Ralph L Holloway (firstname.lastname@example.org)
Thu, 13 Jul 1995 17:40:24 -0400
On Thu, 13 Jul 1995, Nicholas Rosen wrote:
> But it doesn't necessarily argue against tears having been a salt
> excretion at an earlier stage in hominid evolution, which, if I
> understand her correctly, is the hypothesis that Elaine Morgan advances.
This is exactly the sort of argumentation that we don't need.
Nicholls provides clear evidence against a part of the AAT position, and
then along comes something like Rosen's argument (from Morgan?) that
there was a stage during early hominid evolution when tears were evolved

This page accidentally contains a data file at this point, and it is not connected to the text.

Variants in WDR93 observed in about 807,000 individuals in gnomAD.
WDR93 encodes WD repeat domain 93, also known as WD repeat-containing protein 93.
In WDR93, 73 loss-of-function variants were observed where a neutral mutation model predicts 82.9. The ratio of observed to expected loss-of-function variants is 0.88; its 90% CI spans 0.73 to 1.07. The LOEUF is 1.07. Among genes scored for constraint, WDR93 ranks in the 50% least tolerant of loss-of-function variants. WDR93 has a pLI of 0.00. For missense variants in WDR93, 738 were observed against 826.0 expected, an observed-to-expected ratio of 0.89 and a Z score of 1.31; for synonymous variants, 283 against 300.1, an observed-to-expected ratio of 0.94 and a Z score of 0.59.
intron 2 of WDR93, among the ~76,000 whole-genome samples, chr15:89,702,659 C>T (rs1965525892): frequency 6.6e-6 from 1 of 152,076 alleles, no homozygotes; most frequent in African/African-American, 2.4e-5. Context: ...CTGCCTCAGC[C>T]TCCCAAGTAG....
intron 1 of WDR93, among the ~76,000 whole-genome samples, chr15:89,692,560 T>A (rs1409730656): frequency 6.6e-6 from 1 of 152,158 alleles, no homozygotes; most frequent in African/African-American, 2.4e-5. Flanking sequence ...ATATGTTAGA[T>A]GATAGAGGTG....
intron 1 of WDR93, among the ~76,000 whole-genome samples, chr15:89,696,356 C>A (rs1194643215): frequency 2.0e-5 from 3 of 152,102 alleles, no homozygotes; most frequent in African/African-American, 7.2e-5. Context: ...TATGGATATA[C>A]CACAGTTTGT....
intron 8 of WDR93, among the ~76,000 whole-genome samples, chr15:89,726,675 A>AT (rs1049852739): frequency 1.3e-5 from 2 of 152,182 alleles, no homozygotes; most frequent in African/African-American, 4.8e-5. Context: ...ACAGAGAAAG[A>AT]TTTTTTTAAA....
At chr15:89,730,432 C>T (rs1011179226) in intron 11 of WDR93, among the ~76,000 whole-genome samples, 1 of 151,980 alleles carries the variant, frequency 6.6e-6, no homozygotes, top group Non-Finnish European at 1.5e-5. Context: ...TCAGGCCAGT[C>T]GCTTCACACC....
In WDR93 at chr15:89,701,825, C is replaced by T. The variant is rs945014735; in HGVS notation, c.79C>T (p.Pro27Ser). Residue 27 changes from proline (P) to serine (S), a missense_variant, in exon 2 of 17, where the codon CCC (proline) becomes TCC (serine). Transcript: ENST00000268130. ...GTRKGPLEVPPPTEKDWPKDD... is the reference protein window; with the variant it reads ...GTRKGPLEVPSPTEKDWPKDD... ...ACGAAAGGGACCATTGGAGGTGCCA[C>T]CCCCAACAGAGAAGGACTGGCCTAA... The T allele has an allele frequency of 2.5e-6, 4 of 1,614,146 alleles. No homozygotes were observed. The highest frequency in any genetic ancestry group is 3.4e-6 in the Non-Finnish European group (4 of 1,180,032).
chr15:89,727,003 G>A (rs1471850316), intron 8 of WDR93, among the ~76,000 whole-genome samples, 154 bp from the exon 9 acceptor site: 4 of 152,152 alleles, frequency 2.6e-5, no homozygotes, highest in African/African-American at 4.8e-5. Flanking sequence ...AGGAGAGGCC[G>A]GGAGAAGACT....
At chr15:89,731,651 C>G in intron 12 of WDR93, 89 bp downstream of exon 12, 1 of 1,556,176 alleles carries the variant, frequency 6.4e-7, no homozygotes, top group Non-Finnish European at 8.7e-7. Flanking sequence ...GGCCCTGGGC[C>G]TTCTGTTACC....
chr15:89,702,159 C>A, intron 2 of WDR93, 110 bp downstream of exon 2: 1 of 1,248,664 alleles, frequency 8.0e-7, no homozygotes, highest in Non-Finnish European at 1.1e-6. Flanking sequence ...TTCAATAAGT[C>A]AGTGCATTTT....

for salt excretion--a proposition utterly impossible of any empirical
test. But this really asks for special pleading in the most strenuous
manner. Are we to suppose that something as potentially important as salt
excretion would undergo these evolutionary flip-flops? First, no tears
for salt excretion, then it reverses during early hominid evolution to
salt excretion by tears, then it flops back again to no salt excretion
through tears based on modern humans. Please, read something like a
recent edition of Douglas J. Futuyama's "Evoltuionary Biology", Sinauer
Associates, because coming up with the most improbable scenarios of
evolutionary reversals , which have no chance of being tested, really
weakens the case for AAT, and its getting weaker all the time.